Improving the efficiency of solar panels can lower costs and allow the production process to go farther.
Bandgap Engineering, a privately held startup company based in Woburn, Massachusetts, intend to create solar cells with twice the electrical output of conventional solar cells. This feat will be achieved by using tiny nanowires that increase the amount of solar energy a cell is capable of absorbing.
The picture to the left was taken through an electron microscope. You can see the nanowires on the right hand side. Photons enter these structures, and bounce around like if they were in a pinball machine, which significantly increases their potential to free electrons and generate current. Another way of putting it is that the nanowires reduce reflection and increase absorption – critical factors for all solar cells. Solar cells enhanced with nanowires are in fact capable of reflecting less than 1 percent of incoming light, which is 5-8 times better than the best anti-reflective (AR) coatings and surface textures.
A conversion rating of 60% is the maximum theoretical potential of solar cells enhanced with these nanowires. In other words, more than half the amount of the solar energy that comes in is successfully converted into electrical current. Bandgap Engineering has set a practical target of 38%, which is about the double of the best solar cells on the market today.
Another result of a solar cell enhanced with Bandgap`s nanowires is a broader absorption spectrum. This means the solar cells have better efficiency during ambient light conditions –in the morning, afternoon or on overcast days – which ultimately increase the overall performance.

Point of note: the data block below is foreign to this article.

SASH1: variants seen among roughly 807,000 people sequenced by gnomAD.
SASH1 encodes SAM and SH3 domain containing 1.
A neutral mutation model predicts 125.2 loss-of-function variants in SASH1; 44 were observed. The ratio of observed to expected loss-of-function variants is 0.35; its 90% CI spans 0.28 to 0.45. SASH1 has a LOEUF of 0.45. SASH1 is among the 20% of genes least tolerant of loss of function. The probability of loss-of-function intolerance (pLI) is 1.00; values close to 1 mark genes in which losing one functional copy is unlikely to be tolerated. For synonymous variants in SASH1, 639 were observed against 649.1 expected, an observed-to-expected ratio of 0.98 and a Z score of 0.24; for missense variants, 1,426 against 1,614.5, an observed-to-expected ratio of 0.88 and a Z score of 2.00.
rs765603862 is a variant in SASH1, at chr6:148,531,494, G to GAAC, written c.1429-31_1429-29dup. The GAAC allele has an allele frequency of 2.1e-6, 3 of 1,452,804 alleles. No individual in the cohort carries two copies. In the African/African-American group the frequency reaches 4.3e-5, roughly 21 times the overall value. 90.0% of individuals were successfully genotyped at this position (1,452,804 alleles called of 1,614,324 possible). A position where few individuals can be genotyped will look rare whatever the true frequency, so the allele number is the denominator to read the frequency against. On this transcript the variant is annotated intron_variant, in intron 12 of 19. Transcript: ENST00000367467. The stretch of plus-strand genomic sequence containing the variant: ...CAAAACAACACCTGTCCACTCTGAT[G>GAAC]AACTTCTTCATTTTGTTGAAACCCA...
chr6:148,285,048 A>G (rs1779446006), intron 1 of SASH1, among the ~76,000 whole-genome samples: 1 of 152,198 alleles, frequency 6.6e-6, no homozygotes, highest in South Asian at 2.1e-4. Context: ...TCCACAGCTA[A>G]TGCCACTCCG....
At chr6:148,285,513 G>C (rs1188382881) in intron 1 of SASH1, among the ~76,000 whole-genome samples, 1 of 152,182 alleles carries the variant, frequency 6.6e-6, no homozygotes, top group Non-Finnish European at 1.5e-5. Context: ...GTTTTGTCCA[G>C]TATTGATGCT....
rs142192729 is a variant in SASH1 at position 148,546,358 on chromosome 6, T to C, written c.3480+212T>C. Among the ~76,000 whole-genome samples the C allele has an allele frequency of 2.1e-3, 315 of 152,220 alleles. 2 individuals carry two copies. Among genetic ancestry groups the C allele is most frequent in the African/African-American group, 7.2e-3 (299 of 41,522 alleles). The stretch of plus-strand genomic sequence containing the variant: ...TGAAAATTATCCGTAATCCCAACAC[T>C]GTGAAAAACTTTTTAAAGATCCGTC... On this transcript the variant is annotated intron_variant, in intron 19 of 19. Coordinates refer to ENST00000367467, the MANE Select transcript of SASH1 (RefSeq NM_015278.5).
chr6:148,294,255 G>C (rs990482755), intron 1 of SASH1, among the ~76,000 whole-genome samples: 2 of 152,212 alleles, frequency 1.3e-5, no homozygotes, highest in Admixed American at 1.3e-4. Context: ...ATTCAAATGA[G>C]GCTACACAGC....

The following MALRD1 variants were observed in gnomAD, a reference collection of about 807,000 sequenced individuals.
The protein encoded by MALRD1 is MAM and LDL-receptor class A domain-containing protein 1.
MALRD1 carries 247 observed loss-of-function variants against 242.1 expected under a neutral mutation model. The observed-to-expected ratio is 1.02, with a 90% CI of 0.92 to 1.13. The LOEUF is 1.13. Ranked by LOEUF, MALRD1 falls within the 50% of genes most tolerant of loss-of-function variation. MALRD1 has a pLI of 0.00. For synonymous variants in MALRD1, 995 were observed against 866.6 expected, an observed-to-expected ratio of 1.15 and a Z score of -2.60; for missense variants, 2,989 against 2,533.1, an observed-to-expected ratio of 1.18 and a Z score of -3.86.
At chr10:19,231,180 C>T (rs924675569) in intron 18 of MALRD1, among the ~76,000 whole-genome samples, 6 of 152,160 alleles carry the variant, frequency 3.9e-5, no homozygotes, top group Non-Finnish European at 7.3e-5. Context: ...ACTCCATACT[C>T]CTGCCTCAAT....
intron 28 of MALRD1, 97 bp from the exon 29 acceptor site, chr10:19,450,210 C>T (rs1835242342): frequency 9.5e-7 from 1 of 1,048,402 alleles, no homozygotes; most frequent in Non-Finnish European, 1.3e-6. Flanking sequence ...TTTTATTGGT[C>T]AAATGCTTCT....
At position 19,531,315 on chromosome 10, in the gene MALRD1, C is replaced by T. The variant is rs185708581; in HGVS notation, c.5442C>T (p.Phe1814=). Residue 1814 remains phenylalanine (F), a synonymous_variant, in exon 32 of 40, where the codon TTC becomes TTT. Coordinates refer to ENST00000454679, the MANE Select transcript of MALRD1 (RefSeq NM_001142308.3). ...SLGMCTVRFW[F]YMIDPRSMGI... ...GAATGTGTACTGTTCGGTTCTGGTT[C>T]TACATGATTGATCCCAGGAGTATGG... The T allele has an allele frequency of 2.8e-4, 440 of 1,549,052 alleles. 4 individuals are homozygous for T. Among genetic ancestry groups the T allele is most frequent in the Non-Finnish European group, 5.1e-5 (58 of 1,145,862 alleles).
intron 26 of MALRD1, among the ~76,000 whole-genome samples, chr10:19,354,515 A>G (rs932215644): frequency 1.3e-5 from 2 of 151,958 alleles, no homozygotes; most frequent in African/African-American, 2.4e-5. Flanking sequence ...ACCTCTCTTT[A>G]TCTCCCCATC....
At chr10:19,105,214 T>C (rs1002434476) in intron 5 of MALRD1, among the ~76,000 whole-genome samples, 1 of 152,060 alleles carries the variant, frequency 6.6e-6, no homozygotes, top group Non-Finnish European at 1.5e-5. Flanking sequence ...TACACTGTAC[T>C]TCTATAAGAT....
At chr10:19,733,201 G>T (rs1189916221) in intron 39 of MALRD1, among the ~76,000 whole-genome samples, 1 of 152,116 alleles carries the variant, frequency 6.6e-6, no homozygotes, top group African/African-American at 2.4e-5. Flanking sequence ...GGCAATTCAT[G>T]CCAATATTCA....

Richard Chleboski, the CEO of Bandgap Engineering, has stated that they already are able to create solar cells that operate at around 20% in cell efficiency, about the same as the best performing solar modules on the residential market today.
The technology that is required to develop these nanowires already exists on the market, which simplifies the development processes and brings down costs. According to Chleboski, the solar panels made out of the company`s solar cells will only cost $1 per watt – significantly less than the cost of modern solar panels.
Investors include New Enterprise Associates (NEA), Sumitomo Corporation and the Massachusetts Green Energy Fund. Bandgap Engineering received $7.4 million in funding from those investors in 2008 and 2009. The company was also awarded a $750,000 “Next Generation PV” grant from the Department of Energy in 2011.
Bandgap Engineering has made bold claims, and if they indeed are able to pull them off, the solar industry could be left changed forever. It`s still a bit early to make predictions – every week, press releases on new “revolutionary” solar cell technologies that supposedly cut the cost of solar panels in half are published.
On the other hand, the costs of solar panels have decreased significantly over the last decade or so – at least partially thanks to technological innovation.
It will be interesting to follow Bandgap Engineering in the next couple of months, as they get closer to getting their technology on the market.